Most sampling techniques for online social networks (OSNs) are based on a particular sampling method on a single graph, which is referred to as a statistics. However, various realizing methods on different graphs could possibly be used in the same OSN, and they may lead to different sampling efficiencies, i.e., asymptotic variances. To utilize multiple statistics for accurate measurements, we formulate a mixture sampling problem, through which we construct a mixture unbiased estimator which minimizes asymptotic variance. Given fixed sampling budgets for different statistics, we derive the optimal weights to combine the individual estimators; given fixed total budget, we show that a greedy allocation towards the most efficient statistics is optimal. In practice, the sampling efficiencies of statistics can be quite different for various targets and are unknown before sampling. To solve this problem, we design a two-stage framework which adaptively spends a partial budget to test different statistics and allocates the remaining budget to the inferred best statistics. We show that our two-stage framework is a generalization of 1) randomly choosing a statistics and 2) evenly allocating the total budget among all available statistics, and our adaptive algorithm achieves higher efficiency than these benchmark strategies in theory and experiment

    The Public Option: a Non-regulatory Alternative to Network Neutrality

    Full text link
    Network neutrality and the role of regulation on the Internet have been heavily debated in recent times. Amongst the various definitions of network neutrality, we focus on the one which prohibits paid prioritization of content and we present an analytical treatment of the topic. We develop a model of the Internet ecosystem in terms of three primary players: consumers, ISPs and content providers. Our analysis looks at this issue from the point of view of the consumer, and we describe the desired state of the system as one which maximizes consumer surplus. By analyzing different scenarios of monopoly and competition, we obtain different conclusions on the desirability of regulation. We also introduce the notion of a Public Option ISP, an ISP that carries traffic in a network neutral manner. Our major findings are (i) in a monopolistic scenario, network neutral regulations benefit consumers; however, the introduction of a Public Option ISP is even better for consumers, as it aligns the interests of the monopolistic ISP with the consumer surplus and (ii) in an oligopolistic situation, the presence of a Public Option ISP is again preferable to network neutral regulations, although the presence of competing price-discriminating ISPs provides the most desirable situation for the consumers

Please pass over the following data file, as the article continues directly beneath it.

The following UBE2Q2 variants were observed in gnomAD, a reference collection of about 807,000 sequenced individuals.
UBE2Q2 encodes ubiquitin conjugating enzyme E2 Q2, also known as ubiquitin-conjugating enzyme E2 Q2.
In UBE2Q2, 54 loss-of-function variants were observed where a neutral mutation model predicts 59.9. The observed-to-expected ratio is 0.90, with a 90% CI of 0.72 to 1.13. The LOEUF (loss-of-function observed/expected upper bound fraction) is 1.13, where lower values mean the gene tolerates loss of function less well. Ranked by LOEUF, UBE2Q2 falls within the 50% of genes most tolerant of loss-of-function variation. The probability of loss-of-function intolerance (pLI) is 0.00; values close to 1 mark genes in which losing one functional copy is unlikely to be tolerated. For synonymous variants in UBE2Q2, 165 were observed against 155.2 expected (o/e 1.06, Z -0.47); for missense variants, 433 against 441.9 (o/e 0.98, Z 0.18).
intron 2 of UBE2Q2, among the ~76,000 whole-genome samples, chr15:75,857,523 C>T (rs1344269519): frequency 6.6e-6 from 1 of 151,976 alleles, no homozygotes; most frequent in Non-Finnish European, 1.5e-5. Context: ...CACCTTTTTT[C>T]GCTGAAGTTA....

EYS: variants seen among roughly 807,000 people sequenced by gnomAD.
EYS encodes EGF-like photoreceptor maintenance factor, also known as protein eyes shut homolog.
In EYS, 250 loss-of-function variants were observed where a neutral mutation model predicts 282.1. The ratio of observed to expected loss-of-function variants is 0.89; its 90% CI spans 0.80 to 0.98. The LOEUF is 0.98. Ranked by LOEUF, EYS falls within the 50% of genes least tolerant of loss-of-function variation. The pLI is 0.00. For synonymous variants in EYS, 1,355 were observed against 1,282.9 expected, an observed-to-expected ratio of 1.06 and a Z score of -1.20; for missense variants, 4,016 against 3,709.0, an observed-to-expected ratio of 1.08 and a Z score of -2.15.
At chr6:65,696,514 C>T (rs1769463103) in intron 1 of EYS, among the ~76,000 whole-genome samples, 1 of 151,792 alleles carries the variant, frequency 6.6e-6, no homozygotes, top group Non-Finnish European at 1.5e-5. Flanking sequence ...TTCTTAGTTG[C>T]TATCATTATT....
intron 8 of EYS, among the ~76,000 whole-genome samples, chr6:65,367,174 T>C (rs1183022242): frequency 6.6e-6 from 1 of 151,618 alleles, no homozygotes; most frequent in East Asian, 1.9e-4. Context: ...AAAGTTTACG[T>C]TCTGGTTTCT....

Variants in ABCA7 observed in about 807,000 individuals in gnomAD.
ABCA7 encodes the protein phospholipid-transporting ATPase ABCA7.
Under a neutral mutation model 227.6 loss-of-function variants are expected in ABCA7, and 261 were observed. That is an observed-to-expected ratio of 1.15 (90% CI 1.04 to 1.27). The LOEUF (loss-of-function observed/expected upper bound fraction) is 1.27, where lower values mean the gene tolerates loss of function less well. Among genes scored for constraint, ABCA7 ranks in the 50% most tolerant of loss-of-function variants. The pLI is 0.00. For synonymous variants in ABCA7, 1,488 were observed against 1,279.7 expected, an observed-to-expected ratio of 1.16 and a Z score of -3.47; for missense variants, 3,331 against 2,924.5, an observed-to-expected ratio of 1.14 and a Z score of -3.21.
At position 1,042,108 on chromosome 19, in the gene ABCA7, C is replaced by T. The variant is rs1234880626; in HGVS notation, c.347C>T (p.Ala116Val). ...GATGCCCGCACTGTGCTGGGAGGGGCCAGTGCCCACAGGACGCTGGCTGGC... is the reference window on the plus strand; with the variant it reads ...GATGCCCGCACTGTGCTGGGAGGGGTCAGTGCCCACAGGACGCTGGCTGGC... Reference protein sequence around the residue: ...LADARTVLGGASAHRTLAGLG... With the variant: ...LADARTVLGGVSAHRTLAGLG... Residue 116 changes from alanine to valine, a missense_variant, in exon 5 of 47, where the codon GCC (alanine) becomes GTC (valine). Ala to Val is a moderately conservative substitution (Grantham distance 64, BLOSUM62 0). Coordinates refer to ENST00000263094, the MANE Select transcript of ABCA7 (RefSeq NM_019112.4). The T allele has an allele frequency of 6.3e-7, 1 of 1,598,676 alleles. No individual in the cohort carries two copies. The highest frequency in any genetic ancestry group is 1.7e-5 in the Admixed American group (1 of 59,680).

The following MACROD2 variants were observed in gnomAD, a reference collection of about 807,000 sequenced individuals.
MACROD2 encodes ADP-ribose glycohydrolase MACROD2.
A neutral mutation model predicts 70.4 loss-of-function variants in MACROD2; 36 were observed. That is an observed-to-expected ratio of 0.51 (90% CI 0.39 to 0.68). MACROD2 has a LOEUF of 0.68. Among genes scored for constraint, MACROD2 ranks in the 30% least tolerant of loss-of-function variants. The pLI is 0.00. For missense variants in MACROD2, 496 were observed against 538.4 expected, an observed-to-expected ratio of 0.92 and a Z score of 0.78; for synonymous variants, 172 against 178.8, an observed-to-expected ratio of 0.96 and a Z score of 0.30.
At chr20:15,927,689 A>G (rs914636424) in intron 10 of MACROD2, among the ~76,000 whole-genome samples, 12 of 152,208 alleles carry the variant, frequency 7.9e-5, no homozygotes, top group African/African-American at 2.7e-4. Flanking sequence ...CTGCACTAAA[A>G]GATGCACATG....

DRS: Dynamic Resource Scheduling for Real-Time Analytics over Fast Streams

    Full text link
    In a data stream management system (DSMS), users register continuous queries, and receive result updates as data arrive and expire. We focus on applications with real-time constraints, in which the user must receive each result update within a given period after the update occurs. To handle fast data, the DSMS is commonly placed on top of a cloud infrastructure. Because stream properties such as arrival rates can fluctuate unpredictably, cloud resources must be dynamically provisioned and scheduled accordingly to ensure real-time response. It is quite essential, for the existing systems or future developments, to possess the ability of scheduling resources dynamically according to the current workload, in order to avoid wasting resources, or failing in delivering correct results on time. Motivated by this, we propose DRS, a novel dynamic resource scheduler for cloud-based DSMSs. DRS overcomes three fundamental challenges: (a) how to model the relationship between the provisioned resources and query response time (b) where to best place resources; and (c) how to measure system load with minimal overhead. In particular, DRS includes an accurate performance model based on the theory of \emph{Jackson open queueing networks} and is capable of handling \emph{arbitrary} operator topologies, possibly with loops, splits and joins. Extensive experiments with real data confirm that DRS achieves real-time response with close to optimal resource consumption.Comment: This is the our latest version with certain modificatio
    corecore